It is still a bit too easy to sneer at the Twenty20 Cup. Connoisseurs weaned on the four-day game deride it as fast-food cricket.
It is still a bit too easy to sneer at the Twenty20 Cup. Connoisseurs weaned on the four-day game deride it as fast-food cricket. Others dismiss it as hit-and-giggle, as if sport should have nothing to do with frolics and fun.
A few even point to the recent five-over-a-side game - the minimum requirement for a match - between Essex and Surrey at Chelmsford as evidence that it is just not cricket.
Yet today at The Oval a crowd of 22,000 will beg to differ. Whether they are supporting Lancashire or Surrey, Leicestershire or Somerset, or have simply come along for the ride, they all point to the same conclusion: the Twenty20 bubble is far from bursting.
Not everyone has shared the optimism. Last October the England and Wales Cricket Board announced that each side would play eight group matches in 2005 instead of five, a total of 72 games rather than 45. It was a decision, said Wisden, that "clearly smacked of greed". Suddenly, "overkill" became as synonymous with county cricket as "conveyor-belt" and "mediocrity". References to endangered milch cows and infertile golden geese began to pop up all over the place.
The reality has proved different. The average attendance for a group game this summer was nearly 7,000, an increase of more than 850 on the 2004 figure, which itself was up by 800 on 2003, when the competition started. This is doubly impres sive. First, there were 27 more group matches this season, which according to the doom-mongers would spread the crowds more thinly. And secondly, 11 of 72 matches were ruined by the weather.
"Overkill and the Twenty20 is not something I would recognise," says the Somerset chief executive Richard Gould. "Against Gloucestershire we had to shut the gates." Despite the fanciful image of slavering West Countrymen storming fortress Taunton in search of a seat, the general feeling is that the ECB has got it about right.
Officials at The Oval reckon that today's influx will take the number of people who have watched Twenty20 there this summer into six figures. Compare this with the 1,500 or so who turn up on average for a championship game and you get a sense of county cricket's shifting priorities. "Financially, Twenty20 is far more important than the county championship, where the income is basically made up of members' subs," says Lancashire's chief executive Jim Cumbes. "It's captured the public imagination."
Today represents a chance to capture it some more. England and Australia are not playing until Thursday and the football season does not start properly for another week. In a summer dominated by the Ashes the domestic game has been forced to pull up a pew at the back next to the Bangladeshis.
Gould says it is "important for county cricket to be able to raise its head above the para pet". Leicestershire's director of cricket James Whittaker calls it "a good showcase weekend for county cricket". And the Surrey coach Steve Rixon has even managed to draw a positive from the farcical nature of the quarter-final win against Warwickshire after their tie under the Duckworth-Lewis method. "The bowl-out excited everyone, not just here but around the world," he says. "I've spoken to people in Australia who knew exactly what was going on."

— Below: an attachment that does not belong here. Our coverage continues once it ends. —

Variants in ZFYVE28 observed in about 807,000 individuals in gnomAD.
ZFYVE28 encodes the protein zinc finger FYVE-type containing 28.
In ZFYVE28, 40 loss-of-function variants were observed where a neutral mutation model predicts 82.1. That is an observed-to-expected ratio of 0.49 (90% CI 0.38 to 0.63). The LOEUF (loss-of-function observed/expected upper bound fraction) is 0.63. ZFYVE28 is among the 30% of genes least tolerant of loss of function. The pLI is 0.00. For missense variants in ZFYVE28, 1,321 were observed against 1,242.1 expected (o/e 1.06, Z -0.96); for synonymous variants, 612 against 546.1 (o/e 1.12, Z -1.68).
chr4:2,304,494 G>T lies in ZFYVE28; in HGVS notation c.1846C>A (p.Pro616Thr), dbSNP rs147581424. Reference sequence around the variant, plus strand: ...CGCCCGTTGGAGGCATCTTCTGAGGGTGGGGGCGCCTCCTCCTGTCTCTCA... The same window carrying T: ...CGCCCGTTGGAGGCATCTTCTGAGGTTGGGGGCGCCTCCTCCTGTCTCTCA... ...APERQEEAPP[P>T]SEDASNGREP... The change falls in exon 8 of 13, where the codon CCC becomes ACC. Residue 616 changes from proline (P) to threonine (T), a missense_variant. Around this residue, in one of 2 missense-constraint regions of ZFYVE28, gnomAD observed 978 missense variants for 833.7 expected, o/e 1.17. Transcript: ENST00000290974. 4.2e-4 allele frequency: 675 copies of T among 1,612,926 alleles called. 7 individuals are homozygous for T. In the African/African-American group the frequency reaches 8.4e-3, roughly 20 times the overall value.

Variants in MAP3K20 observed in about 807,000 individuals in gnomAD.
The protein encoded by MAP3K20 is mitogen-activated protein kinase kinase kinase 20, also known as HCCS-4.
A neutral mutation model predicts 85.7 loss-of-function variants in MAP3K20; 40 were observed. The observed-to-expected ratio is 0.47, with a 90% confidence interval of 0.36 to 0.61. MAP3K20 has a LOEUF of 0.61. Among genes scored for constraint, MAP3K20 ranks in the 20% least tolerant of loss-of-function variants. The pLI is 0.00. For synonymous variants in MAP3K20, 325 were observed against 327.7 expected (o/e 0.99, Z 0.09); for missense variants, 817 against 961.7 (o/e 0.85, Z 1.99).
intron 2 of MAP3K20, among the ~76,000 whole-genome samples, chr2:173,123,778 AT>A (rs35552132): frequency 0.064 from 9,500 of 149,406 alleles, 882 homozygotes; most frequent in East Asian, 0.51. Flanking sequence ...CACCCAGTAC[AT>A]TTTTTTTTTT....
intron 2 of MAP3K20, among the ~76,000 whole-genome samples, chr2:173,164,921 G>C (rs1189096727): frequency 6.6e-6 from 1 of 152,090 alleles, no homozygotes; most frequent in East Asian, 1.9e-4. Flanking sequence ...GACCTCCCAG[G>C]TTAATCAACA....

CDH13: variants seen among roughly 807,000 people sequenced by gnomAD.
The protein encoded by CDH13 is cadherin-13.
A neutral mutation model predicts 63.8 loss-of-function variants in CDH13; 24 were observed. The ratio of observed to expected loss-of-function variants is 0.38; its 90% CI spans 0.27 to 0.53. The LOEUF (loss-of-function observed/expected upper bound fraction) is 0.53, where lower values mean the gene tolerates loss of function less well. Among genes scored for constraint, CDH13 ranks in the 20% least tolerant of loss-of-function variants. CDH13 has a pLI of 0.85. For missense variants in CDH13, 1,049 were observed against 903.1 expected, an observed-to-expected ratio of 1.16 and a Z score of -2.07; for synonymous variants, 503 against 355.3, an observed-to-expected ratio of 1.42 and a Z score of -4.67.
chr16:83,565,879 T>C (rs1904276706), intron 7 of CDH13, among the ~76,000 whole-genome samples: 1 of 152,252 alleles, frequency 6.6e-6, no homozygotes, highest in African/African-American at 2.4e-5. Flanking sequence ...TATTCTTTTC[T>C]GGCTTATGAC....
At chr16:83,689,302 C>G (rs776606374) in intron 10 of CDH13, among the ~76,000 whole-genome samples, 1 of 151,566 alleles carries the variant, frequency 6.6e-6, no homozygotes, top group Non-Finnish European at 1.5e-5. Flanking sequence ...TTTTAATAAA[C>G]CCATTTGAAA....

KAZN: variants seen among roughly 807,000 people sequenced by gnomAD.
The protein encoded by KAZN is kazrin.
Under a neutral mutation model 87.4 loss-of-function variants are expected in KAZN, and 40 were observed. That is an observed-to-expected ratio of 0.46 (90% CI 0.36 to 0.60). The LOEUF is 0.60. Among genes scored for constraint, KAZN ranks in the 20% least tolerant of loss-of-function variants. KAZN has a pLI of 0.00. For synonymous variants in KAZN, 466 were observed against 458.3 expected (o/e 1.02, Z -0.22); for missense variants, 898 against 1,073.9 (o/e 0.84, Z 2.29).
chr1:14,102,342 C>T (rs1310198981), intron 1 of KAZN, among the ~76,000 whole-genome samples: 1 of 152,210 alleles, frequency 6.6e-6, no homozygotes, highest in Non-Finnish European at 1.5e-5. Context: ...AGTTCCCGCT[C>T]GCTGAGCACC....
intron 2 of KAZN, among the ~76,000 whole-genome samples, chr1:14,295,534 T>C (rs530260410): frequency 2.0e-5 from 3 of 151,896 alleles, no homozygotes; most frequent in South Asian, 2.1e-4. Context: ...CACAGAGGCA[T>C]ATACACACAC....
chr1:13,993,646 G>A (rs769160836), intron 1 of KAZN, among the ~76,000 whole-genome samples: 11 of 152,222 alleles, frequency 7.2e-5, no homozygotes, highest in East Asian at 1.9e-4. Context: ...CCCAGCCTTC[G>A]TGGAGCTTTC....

There had been concerns that the umpires' blunder that night, when a misreading of the Duckworth-Lewis regulation led to a sheepish knock on Surrey's dressing-room door, would tarnish the competition. But the hand-wringing might be missing the point. Chaos on the village green is a way of life: here, unwittingly, was top-class cricket's way of reconnecting with its grass roots.
The very human appeal of Twenty20 has not been lost on the players. "I think they've realised what an impact the game has had on the public," says the Leicestershire head coach Phil Whitticase. "It's now the biggest-watched form of the game in the world outside the international arena. More clubs have begun to take it seriously in the last couple of years after the trial and error of the first season."
Hylton Ackerman, the Leicestershire captain, played the game in South Africa - where they call it Pro20 - but even he has been taken aback by its impact here. "People had told me it was massive over here but I didn't realise quite how massive," he says. "Other competitions really take a back seat while Twenty20 is on. The atmosphere is amazing."
Gimmicks have been in shorter supply this summer because chief executives have reached the conclusion that the cricket sells itself. But, if the presence of Girls Aloud strikes a slightly incongruous note, the decision to allow spectators to tune in via headsets to Sky's commentary is inspired.
As long as Twenty20 keeps bringing the game to the people, the people will keep repaying its hospitality.
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